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Belgium’s average of daily Covid-19 deaths begins to rise

© Belga

The average number of deaths per day due to the coronavirus has started rising slightly again, according to the latest figures published by the Sciensano public health institute on Sunday.

Between 10 and 16 December, an average of 2,535.3 new people tested positive per day over the past week, which is a 15% increase compared to the week before.

The total number of confirmed cases in Belgium since the beginning of the pandemic is 623,760. The total reflects all people in Belgium who have been infected, and includes confirmed active cases as well as patients who have since recovered, or died as a result of the virus.

Over the past two weeks, 289 infections were confirmed per 100,000 inhabitants, which is a 1% increase compared to the two weeks before.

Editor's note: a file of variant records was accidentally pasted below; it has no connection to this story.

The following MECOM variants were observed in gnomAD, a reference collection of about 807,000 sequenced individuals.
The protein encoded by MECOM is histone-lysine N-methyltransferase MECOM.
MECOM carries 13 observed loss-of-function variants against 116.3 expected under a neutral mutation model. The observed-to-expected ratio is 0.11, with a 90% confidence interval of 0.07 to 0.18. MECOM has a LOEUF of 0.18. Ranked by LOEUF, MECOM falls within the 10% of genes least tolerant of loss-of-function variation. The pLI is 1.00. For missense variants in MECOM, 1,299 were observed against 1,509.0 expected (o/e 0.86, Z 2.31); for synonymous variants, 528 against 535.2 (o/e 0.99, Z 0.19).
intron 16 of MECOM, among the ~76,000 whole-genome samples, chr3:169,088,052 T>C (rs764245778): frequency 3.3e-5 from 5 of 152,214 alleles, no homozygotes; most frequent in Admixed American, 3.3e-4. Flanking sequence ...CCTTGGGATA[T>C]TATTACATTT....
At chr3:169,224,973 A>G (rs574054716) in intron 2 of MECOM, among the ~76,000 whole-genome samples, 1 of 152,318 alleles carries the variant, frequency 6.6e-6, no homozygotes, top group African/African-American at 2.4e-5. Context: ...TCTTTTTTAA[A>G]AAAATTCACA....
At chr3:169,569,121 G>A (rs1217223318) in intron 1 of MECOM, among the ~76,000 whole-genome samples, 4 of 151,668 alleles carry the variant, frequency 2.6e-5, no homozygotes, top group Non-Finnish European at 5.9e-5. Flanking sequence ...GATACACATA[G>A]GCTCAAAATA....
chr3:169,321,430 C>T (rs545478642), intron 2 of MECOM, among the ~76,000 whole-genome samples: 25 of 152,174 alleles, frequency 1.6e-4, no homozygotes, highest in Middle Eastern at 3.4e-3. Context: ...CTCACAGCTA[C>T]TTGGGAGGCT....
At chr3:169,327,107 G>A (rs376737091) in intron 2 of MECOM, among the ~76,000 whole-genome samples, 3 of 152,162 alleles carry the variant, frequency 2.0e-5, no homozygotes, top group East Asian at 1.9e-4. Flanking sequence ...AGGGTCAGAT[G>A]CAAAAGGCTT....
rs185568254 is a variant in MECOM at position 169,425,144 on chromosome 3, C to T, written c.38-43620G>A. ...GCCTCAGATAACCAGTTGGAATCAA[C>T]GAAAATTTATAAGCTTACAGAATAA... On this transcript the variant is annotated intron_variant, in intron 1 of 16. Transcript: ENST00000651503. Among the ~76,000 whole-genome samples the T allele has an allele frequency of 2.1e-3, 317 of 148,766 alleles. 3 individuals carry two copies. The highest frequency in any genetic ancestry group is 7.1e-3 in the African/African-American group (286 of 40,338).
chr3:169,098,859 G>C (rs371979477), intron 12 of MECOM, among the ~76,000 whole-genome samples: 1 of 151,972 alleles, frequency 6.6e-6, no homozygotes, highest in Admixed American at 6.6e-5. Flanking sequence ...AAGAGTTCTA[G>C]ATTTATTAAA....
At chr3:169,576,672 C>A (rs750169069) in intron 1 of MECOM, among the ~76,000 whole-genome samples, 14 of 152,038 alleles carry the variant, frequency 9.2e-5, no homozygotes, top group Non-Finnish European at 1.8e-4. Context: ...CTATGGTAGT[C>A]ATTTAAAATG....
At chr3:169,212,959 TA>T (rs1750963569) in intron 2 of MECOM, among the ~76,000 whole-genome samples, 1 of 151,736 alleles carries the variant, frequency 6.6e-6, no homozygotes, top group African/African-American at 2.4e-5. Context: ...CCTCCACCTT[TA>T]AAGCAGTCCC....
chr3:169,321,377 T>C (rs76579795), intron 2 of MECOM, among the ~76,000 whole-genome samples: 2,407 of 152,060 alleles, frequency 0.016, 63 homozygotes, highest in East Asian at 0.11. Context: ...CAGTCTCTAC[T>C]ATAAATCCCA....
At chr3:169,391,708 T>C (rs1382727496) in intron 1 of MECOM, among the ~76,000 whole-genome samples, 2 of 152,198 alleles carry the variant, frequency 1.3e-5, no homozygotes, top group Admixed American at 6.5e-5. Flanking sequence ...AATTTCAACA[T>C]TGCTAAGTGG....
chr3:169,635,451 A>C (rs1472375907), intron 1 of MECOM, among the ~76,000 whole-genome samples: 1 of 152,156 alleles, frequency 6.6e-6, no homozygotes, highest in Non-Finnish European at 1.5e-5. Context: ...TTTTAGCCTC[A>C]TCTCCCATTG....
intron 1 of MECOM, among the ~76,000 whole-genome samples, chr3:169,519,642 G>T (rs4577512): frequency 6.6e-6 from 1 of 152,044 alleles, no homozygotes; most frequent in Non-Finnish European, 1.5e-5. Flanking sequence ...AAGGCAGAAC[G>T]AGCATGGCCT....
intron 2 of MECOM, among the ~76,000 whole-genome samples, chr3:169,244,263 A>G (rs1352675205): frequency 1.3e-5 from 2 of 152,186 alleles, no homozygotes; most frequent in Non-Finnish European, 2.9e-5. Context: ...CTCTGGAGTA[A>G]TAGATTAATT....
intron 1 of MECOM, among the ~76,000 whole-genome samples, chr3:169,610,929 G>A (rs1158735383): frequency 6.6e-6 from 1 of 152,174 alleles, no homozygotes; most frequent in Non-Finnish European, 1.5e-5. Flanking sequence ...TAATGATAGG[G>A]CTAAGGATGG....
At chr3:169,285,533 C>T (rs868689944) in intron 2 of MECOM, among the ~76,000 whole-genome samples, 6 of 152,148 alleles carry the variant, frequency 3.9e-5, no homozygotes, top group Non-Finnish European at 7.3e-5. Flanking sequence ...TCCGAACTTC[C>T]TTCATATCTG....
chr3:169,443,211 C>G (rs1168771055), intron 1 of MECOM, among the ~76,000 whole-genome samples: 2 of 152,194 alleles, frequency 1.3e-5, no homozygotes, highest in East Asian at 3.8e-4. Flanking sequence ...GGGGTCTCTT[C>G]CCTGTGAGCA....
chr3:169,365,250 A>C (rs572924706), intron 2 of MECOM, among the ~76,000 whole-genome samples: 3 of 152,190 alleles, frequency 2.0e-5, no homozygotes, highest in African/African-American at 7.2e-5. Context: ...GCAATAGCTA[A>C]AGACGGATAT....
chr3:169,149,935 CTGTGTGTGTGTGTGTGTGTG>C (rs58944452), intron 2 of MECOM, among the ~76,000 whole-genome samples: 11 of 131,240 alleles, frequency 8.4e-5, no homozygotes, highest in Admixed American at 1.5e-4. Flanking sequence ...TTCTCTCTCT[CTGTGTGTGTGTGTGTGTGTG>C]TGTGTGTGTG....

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Between 13 and 19 December, an average of 186.4 patients was admitted to hospital, up by just 4% from the week before.

In total, 2,527 coronavirus patients are currently in hospital, or 89 fewer than yesterday. Of all patients, 539 are in intensive care, which is eight fewer than yesterday. A total of 315 patients are on a ventilator – 21 fewer than yesterday.

From 10 to 16 December, an average number of 94.7 deaths occurred per day, marking a 2.2% increase compared to the week before. Over the past few days, the number of deaths was still slowly decreasing, but has now also started going up.

The total number of deaths in the country since the beginning of the pandemic is currently 18,545.

Since the start of the pandemic, a total of over 6.6 million tests have been carried out. Of those tests, an average of 36,400 tests was taken per day over the past week, with a positivity rate of 8%. That means that just under one in twelve people who get tested receive a positive result.

The percentage went down by 0.3% compared to last week, along with a 16% increase in testing.

The reproduction rate, finally, has risen to 1.01, which means that a person infected with coronavirus infects one other person on average, and that the pandemic is growing again.

Maïthé Chini
The Brussels Times